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How Back-to-School Shopping Can Hurt Your Credit Score

Jeanine Skowronski

Parents are no doubt well aware that hasty back-to-school shopping can do serious damage to their bank accounts, but there's another reason to be mindful of how much money those clothes, books, crayons and markers are costing you.

Overspending on supplies could easily wind up hurting your credit score. That's because carrying a high credit card balance will negatively skew what's known as your credit utilization rate.

This rate -- essentially how much debt you are carrying versus how much credit has been extended to you -- is the second most important component of major credit scoring models, including the widely known FICO and VantageScore credit scores. (The most important factor used in score calculations involves whether or not you pay your bills on time.)

For best scoring results, "you do not want your utilization as a whole or on individual accounts to be greater than 30 percent" of the available credit limits, says Rod Griffin, director of public education at credit bureau Experian. "That's the maximum."

Any percent over that threshold will be treated as a sign that you're overextending your finances. For lenders, it's a red flag that you could run into trouble making payments on any or all of your loans down the line, Griffin says.

A Parent's Report Card

To ensure those designer backpacks and expensive scientific calculators don't negatively skew your ratio and send your score tumbling, a few things need to happen. First, you'll want to know how much debt you're carrying on your credit cards, especially if you plan on applying for any loans shortly after your back-to-school shopping is complete.

You can find current balances on your credit report, which you can get each year for free at AnnualCreditReport.com.

Knowing this information will help you determine how much you can afford to charge without going over that important 30 percent threshold -- and it will let you know if a particular card needs to be put on ice.

"Credit card companies don't want to see maxed-out credit cards," says Wayne Sanford, owner of New Start Financial Corp. in Allen, Texas. "They don't want to see you overusing the other money people are lending you."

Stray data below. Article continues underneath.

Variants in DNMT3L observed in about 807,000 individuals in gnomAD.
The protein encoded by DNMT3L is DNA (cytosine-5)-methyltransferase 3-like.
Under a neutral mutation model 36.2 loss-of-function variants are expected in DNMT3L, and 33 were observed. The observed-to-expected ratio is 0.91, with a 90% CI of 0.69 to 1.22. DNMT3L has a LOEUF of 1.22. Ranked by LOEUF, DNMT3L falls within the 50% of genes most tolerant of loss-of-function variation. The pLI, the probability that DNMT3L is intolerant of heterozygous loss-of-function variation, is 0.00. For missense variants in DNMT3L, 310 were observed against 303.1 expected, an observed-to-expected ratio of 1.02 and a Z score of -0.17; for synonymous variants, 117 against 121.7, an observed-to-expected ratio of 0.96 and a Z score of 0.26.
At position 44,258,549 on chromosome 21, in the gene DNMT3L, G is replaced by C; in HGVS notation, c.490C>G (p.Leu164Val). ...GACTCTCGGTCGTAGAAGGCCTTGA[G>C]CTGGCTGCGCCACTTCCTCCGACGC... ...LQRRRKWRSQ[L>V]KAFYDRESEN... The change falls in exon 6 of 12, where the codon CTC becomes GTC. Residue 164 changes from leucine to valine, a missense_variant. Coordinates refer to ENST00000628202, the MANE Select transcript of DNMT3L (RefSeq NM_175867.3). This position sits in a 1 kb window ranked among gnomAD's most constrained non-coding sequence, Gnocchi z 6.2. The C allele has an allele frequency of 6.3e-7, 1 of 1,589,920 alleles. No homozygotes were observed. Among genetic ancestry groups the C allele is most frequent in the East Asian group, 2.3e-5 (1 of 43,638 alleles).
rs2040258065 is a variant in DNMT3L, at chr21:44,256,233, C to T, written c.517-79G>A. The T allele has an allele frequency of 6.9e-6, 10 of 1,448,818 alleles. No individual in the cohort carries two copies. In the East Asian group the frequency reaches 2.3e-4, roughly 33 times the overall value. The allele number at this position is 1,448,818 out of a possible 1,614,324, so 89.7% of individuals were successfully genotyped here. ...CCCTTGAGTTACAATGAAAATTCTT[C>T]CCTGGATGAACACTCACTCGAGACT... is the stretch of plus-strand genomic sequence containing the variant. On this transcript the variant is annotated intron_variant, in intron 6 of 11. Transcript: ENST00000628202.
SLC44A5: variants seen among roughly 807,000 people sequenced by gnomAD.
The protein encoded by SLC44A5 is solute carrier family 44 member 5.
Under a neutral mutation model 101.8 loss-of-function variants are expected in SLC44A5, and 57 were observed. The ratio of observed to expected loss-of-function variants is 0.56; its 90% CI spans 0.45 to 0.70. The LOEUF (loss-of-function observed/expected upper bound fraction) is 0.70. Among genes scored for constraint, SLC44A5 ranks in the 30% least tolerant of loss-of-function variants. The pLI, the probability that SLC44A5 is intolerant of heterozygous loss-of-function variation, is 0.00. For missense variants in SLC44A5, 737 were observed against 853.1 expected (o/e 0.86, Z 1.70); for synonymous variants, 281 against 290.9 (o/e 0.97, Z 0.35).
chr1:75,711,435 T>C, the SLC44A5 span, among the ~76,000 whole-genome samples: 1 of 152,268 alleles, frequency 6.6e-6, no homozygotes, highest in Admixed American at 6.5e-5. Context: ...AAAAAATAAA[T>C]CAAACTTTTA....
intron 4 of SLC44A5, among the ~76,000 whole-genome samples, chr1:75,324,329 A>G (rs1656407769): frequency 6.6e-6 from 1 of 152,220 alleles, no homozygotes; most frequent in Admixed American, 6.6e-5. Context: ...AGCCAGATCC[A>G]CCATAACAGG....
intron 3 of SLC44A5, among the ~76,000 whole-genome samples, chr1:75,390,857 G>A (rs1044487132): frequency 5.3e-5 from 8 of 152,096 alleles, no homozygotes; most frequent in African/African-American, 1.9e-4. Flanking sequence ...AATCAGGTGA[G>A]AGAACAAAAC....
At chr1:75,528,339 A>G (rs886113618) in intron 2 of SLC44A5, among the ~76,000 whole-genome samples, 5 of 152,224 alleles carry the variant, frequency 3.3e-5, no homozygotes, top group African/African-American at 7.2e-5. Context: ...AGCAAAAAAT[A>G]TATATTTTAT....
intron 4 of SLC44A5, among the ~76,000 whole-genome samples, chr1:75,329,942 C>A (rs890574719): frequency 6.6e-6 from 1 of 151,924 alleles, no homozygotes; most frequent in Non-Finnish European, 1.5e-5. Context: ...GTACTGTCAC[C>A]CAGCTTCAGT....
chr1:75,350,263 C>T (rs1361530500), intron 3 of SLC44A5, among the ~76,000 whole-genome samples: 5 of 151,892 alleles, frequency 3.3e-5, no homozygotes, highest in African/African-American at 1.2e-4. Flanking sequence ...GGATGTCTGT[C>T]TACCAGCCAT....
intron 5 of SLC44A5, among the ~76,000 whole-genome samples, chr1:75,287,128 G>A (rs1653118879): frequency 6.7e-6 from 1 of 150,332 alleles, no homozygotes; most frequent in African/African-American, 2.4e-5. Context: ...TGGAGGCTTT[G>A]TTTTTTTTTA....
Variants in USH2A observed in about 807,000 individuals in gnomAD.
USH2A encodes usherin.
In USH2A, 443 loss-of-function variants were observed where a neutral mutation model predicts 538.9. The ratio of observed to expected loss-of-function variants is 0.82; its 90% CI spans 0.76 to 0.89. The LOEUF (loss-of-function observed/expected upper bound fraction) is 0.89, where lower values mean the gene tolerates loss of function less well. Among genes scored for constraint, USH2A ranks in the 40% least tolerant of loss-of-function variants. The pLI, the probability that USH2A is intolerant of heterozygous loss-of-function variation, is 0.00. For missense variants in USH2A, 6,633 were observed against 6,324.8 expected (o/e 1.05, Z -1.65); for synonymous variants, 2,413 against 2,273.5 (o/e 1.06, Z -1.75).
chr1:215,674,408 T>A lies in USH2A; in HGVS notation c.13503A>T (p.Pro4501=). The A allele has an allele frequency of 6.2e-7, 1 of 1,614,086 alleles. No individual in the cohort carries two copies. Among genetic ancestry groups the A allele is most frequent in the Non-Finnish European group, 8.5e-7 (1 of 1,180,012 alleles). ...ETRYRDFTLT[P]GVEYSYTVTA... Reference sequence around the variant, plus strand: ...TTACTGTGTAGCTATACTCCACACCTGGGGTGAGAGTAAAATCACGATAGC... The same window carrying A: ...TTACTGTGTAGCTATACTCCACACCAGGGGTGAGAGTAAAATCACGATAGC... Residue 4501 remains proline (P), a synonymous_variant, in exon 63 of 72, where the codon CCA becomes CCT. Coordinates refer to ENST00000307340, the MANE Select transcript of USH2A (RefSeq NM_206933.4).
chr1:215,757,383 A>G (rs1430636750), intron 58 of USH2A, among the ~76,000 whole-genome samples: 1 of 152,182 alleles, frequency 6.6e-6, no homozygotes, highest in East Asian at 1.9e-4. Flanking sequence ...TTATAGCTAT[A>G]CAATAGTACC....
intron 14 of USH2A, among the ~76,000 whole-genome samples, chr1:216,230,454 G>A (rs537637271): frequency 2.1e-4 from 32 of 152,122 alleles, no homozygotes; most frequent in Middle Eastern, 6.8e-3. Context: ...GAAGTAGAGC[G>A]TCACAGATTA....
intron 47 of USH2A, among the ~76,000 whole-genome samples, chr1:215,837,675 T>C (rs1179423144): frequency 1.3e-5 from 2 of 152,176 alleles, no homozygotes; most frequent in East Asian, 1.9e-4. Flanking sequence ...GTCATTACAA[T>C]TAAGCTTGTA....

Also make sure to pay down any card that's bumping up against its credit limit as soon as possible, since that high balance is most certainly already causing your score to suffer.

Shop Smart for a Good Grade

Next, be sure to stay on budget so you can avoid revolving a balance and paying interest on those purchases.

"Ideally, you would be paying your bills in full each month," Griffin says. "The lower your utilization, the better for scores generally."

To keep costs under control, spread school spending out over time. When it comes to clothing, for instance, consumer savings expert Andrea Woroch suggests buying summer clearance items now. Then wait for fall clothing to go on sale.

Similarly, "pop by the [office supply] store every other week so you can get items" as they go on sale, Woroch says. Big-box retailers will offer popular items, such as notebooks or pens, for 50 cents or less, but deals often rotate, she says.

You can also save on school supplies by scouring your kitchen drawers for last year's leftovers, sticking to a list and shopping for supplies during a tax-free weekend.

Paying Before the Due Date

Finally, you'll need to pay off any school-related expenses by your statement's closing date -- as opposed to its due date -- because that's typically when credit card issuers report balances to the three major credit bureaus.

"If they report on the 15th and you always pay you bill on the 15th because it's due on the 16th, then you're going to show the balance [on your credit report]," Sanford says.

Call your issuer to confirm the day that it reports debt, Sanford says. That way, you'll know when you need to pay to avoid having a big balance hurt your score.

Alternately, you can try this trick: Link your credit card to a debit card account and pay off purchases as you go. This helps you stay on budget -- as you'll be constantly aware of how much money is in your bank account -- and ensures a low-to-no balance winds up on your credit report at August and September's end.

An Extra Credit Tip

If you suspect a big credit card bill is unavoidable, there is another course of action you can pursue "to cushion the blow," Sanford says.

Call your issuer, and ask for a credit line increase. A higher credit limit could keep you from going over that 30 percent credit-to-debt ratio.

Issuers are more likely to approve a bump if you've already demonstrated that you are a valuable and responsible customer. Just don't go too crazy and try to get a limit increase for every card in your wallet.

Each request could result in a hard inquiry on your credit report, Griffin says. Plus, all that extra credit could entice you to spend well over your budget.

Jeanine Skowronski is the senior credit card analyst and reporter for Bankrate.com, which provides free credit reports to consumers looking to take charge of their finances at MyBankrate. Jeanine also covers topics such as banks credit card issuers and payment methods.

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